Captain Brendan McCullum’s (centre) decision to bat first against South Africa at Newlands was also not taken well © AFP

Wellington: Jan 3, 2013

New Zealand’s struggling cricketers were labelled “clueless” after they were shot out for  45 in a horror show against South Africa — the lowest Test score in nearly four decades.

Kane Williamson was the only batsman to reach double figures in Cape Town during a humiliating day for the Black Caps on Wednesday, as the home side piled up 252 for three to establish an iron grip on the series opener.

It was the third lowest score in New Zealand’s history, after their world record low of 26 against England in 1955 and 42 against Australia in 1946, and the smallest total seen in Tests since England skittled India for 42 in 1974.

“Utterly embarrassed — again,” said New Zealand’s Radio Sport, amid widespread condemnation of the inept performance.

The “shameful 45” was “an utter sporting embarrassment,” said broadcaster Martin Devlin of TV One.
Newly installed captain Brendon McCullum won the toss and decided to bat on the green-tinged wicket at Newlands only to see the innings wrecked in just 19.2 overs.

South African seamer Vernon Philander finished with magnificent figures of five wickets for seven runs in six devastating overs, with quicks Dale Steyn and Morne Morkel sharing the other five dismissals.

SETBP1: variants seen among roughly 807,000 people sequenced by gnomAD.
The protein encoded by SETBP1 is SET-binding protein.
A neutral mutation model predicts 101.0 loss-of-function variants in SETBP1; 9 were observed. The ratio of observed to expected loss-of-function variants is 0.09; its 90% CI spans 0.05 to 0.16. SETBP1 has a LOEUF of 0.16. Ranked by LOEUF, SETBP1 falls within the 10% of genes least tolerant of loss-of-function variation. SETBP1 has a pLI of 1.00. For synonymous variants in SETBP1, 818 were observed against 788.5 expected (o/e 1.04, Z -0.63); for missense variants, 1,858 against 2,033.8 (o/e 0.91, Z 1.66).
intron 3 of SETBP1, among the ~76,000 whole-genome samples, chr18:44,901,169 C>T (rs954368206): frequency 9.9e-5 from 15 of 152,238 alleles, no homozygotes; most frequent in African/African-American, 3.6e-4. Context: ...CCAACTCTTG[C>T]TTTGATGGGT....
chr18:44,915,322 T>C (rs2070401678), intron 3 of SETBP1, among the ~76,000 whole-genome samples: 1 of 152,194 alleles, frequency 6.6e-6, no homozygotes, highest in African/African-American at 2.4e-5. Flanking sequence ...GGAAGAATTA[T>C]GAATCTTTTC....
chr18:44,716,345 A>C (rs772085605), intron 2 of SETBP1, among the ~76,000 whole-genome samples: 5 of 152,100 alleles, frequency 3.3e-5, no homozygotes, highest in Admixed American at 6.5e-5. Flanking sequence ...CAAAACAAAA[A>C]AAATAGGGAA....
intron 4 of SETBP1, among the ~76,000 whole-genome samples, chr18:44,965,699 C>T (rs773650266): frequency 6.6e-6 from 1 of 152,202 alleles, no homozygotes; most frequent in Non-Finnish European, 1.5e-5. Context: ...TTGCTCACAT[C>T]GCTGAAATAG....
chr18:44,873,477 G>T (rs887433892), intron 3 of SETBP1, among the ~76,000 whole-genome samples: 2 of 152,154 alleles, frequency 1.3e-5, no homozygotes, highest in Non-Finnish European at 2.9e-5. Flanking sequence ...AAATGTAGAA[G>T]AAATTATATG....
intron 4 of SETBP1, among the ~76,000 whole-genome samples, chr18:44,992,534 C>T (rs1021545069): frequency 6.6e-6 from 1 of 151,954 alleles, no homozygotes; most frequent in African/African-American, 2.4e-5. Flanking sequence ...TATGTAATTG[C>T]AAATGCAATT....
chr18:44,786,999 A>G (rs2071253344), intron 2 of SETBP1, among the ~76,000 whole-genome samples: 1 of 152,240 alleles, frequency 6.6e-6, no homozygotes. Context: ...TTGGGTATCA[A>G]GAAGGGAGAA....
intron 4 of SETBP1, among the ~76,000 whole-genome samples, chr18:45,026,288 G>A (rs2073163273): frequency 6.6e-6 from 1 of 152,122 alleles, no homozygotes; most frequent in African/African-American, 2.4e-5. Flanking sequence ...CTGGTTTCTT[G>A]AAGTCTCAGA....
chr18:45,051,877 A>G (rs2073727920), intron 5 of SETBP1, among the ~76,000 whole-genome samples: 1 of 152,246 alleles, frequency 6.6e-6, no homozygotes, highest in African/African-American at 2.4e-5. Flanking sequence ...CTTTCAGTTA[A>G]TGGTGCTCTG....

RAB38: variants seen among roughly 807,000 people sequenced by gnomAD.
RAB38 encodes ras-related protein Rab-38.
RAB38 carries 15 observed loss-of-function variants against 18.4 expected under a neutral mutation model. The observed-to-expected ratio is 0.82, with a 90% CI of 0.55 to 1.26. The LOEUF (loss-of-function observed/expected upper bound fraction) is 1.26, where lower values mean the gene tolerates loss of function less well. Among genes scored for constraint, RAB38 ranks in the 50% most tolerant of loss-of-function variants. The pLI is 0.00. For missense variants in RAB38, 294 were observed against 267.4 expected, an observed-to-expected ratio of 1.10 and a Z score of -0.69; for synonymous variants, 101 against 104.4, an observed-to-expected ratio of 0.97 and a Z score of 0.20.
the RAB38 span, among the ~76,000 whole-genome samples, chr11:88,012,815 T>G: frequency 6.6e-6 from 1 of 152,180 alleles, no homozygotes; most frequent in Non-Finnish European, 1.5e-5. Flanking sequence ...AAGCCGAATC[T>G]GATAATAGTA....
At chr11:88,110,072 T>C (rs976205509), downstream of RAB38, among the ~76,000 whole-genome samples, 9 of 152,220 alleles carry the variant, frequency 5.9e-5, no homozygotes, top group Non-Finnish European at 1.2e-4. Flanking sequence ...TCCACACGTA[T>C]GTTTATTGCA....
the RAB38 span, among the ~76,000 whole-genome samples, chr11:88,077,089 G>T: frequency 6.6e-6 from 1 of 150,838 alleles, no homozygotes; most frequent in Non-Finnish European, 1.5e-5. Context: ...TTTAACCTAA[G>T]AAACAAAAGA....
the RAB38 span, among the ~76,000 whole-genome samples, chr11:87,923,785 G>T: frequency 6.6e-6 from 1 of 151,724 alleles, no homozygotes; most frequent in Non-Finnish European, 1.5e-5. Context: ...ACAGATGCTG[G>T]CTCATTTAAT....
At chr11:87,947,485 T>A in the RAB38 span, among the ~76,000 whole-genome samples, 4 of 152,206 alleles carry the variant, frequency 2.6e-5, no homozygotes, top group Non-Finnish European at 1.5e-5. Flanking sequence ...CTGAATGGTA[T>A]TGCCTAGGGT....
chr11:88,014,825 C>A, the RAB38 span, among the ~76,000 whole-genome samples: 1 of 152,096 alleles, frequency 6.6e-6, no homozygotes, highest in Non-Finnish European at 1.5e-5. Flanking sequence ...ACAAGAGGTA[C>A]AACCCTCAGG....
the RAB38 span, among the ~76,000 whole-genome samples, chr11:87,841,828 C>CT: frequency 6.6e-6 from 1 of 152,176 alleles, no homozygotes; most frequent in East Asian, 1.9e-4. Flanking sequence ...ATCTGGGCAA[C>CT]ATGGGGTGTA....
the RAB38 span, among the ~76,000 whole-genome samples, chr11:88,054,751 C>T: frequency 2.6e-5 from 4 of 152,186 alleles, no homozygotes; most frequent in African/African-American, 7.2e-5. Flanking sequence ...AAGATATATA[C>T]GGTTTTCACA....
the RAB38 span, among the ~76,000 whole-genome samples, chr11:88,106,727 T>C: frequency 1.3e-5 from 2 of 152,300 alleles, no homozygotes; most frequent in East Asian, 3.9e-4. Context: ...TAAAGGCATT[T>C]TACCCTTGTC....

Veteran cricket writer David Leggat called it the worst performance he had witnessed in 30 years of covering New Zealand cricket.

“After the batting shambles, the bowling wasn’t good enough, some of the fielding schoolboyish, and that’s being unkind to the youngsters,” he wrote in the New Zealand Herald.

It was New Zealand’s first Test outing since a captaincy row in which star batsman Ross Taylor was dumped as skipper in favour of McCullum.

With that decision causing national outrage and Taylor choosing to sit out the South African tour, Leggat said Wednesday’s debacle came at the worst possible time.

“New Zealand’s players needed to present a united front, to stand firm and fight to prove a point. Instead they melted away, like ice cream on a summer’s day.”

Fairfax Media correspondent Duncan Johnstone said the first innings disaster “represented total humiliation”.

“We knew they were bad, but few could have envisaged them being this bad,” he said.

The cricinfo website called New Zealand “clueless against high-quality pace”, and said there was a worrying chasm between the world’s number eight Test side and top-ranked South Africa.

“Scarily, that division is wider than should be acceptable or comfortable. They are in two different leagues,” cricinfo said.

Cricketworld website took aim at McCullum’s decision to bat first, saying he was “perhaps showing a degree of misplaced faith in his batsmen’s ability that has rarely been matched in international cricket”.

New Zealand now have the immense task of trying to salvage something from the first Test in the two-match series, with South Africa starting the second day 207 runs ahead and with seven wickets standing.